The city may have violated a temporary restraining order filed by neighbors
By Brian Zayatz
Residents of Warfield Place, a quiet side street in Northampton that has become the center of a fight to save a row of cherry trees, were roused Thursday morning by the sound of heavy equipment moving onto their street and legally parked cars being towed around the corner.
The city notified the neighborhood nearly three weeks ago that construction on the street, which had been selected for repaving, could start imminently. Residents, who have sought more input on the work scheduled in their neighborhood since they were notified of the city’s intentions in April, requested that the city give at least twenty-four hours’ notice. Thursday morning’s surprise represented the culmination of the neighborhood’s anxiety over the ensuing months. By 1pm, nine trees had been removed.
Witnesses described a rushed scene using “shock and awe” tactics, comparing the turnout to a SWAT team. “Obviously the orders from Donna [LaScaleia, DPW Director] or whoever was like get this done, cut these trees down, don’t stop for anything,” said Oliver Kelhammer, a resident of Warfield Place. “And even the way they were working was rushed and sloppy compared to any other tree operation I’ve ever seen,” he continued, calling it “dangerous to the public, and to the workers. Nobody was wearing chainsaw chaps. The only guy wearing chaps was the guy operating the rake.”
Indeed, the work occurred so fast that The Shoestring could not make it to the scene in time. Witnesses reported that twenty to twenty-five police officers were present in at least five cars, as well as at least one state trooper, a fire engine, and an ambulance, in addition to Northern Tree Services’ personnel and equipment and a tow truck.
The residents fighting to save the trees had hoped to have enough notice to come up with a plan for the day the city took action. Absent such a plan, many neighbors took out their phones and started recording, calling others, and posting on social media asking for support. Two residents, Liz Gaudet and Kathryn Young, climbed two of the trees and were subsequently removed by Northampton Police and Fire and arrested. Photos and videos from the incident show workers cutting limbs from the tree only feet away from Young, still perched.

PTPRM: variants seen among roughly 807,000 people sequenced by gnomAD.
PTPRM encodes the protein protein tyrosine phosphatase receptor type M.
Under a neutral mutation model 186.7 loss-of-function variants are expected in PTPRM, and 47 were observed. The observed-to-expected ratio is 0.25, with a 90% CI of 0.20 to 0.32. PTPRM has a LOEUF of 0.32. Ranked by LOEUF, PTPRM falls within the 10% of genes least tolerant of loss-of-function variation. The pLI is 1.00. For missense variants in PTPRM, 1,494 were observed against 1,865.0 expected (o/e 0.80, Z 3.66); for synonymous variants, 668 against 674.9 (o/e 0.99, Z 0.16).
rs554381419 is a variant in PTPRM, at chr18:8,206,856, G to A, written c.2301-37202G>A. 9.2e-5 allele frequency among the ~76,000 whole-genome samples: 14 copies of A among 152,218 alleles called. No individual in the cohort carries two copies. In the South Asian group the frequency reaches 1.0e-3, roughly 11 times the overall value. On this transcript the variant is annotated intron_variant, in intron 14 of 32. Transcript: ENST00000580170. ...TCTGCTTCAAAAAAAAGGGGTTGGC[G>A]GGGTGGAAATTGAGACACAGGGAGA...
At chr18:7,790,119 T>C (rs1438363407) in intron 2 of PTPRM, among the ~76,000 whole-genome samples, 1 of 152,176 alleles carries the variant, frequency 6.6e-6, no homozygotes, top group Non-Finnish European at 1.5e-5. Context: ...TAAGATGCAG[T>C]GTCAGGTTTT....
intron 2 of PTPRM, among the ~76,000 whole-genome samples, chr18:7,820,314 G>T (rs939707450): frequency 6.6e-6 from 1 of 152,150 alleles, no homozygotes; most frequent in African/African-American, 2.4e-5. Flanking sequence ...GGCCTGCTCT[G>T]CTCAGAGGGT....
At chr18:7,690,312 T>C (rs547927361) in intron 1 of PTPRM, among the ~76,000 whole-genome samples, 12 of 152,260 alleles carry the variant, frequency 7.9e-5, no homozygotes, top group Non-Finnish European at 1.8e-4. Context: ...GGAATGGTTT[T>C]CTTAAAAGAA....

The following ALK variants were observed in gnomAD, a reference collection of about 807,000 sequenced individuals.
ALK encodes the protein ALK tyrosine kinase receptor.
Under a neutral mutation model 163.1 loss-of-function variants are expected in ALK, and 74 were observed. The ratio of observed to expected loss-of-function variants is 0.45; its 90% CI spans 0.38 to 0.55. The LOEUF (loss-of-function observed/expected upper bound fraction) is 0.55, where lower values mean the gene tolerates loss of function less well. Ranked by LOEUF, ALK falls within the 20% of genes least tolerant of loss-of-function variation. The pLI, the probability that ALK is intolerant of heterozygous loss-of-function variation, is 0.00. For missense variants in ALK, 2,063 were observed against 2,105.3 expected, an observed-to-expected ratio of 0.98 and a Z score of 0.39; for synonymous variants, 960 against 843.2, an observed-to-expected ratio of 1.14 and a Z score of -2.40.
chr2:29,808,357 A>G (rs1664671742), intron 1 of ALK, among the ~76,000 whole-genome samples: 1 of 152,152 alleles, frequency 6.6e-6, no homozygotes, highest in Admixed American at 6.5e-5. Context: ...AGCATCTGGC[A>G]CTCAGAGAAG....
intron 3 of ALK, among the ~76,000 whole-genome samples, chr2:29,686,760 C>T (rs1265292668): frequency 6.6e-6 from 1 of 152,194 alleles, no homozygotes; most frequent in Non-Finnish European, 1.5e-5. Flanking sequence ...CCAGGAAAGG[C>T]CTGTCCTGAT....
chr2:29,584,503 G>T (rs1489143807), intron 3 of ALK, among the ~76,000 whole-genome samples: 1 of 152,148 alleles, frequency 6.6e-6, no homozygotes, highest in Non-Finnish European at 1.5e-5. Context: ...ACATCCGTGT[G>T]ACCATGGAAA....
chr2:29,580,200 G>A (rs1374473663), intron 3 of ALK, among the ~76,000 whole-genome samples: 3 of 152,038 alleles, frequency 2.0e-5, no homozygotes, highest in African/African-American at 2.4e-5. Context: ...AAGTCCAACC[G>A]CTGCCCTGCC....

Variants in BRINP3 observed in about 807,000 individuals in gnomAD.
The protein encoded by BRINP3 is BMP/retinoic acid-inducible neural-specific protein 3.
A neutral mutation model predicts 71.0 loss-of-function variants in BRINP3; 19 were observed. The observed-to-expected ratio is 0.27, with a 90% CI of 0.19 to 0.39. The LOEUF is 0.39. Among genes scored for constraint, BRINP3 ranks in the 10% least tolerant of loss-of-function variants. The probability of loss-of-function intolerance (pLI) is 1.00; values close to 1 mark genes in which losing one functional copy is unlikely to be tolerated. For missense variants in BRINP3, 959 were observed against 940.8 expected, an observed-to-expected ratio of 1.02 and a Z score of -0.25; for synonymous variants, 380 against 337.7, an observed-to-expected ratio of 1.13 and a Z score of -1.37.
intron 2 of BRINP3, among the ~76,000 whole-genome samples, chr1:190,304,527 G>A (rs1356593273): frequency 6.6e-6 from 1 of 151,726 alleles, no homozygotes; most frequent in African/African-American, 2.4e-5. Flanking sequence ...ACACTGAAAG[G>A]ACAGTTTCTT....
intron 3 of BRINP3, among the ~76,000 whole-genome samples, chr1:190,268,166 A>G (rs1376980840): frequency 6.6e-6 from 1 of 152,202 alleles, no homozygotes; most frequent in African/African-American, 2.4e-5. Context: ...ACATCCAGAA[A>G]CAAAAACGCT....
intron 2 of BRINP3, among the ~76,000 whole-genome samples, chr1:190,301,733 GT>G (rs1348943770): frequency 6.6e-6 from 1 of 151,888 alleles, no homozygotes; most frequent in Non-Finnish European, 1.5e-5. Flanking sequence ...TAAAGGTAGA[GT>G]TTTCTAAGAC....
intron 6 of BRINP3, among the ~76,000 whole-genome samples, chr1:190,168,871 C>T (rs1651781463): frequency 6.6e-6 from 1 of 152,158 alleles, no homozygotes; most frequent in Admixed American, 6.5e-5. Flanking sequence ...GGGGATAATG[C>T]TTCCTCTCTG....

“It’s a show of power,” concluded Kelhammer. “It’s basically saying, ‘fuck you people, we don’t care about democracy, this is what you get when you go against city hall, we’ll cut all your trees down and get you arrested.’”
Concurrent with the city’s show of force on Warfield Place, Judge Mark Mason at Hampshire Superior Court was reviewing a request for a temporary restraining order filed by Kelhammer and fellow Warfield Place resident Lois Ahrens. The order contests the city’s claim that shade tree hearings were not required prior to the trees’ removal because of an exception included in state law. The plaintiffs argue that the exception does not apply because the city was not planning to expand the width of the “highway” that is Warfield Place.
“We were waving [the unsigned restraining order] at the police saying stop this now, because there’s a restraining order on the docket, now’s the time to take a break until this gets cleared,” said Kelhammer. “They wouldn’t stop.”
Ward 7 City Councilor Rachel Maiore, who had of late become an advocate for the neighborhood in the absence of significant action from Ward 1 Councilor Michael Quinlan or either at-large councilor, was also at the scene. Earlier in the week, Councilor Maiore floated the idea of a mediation session between the city and the neighborhood to Mayor Narkewicz’s chief of staff, Alan Wolf, and had been hopeful that the tenor of communications between the two parties could mellow.
On Tuesday, she also met with neighborhood residents to discuss a revised plan that addressed some of the residents’ concerns. “The residents actually liked some things in the plan,” Councilor Maiore told The Shoestring. “It seemed like we might’ve been close to finding something that felt better.” (Kelhammer, Young, and Ruth Ozeki, another resident, also spoke of this plan with mixed feelings. Ozeki noted that the revised plan did not significantly address accessibility concerns in the first plan. Young relayed discussions with Tree Warden Rich Parasiliti about taking grafts of the existing trees and other possible compromises.)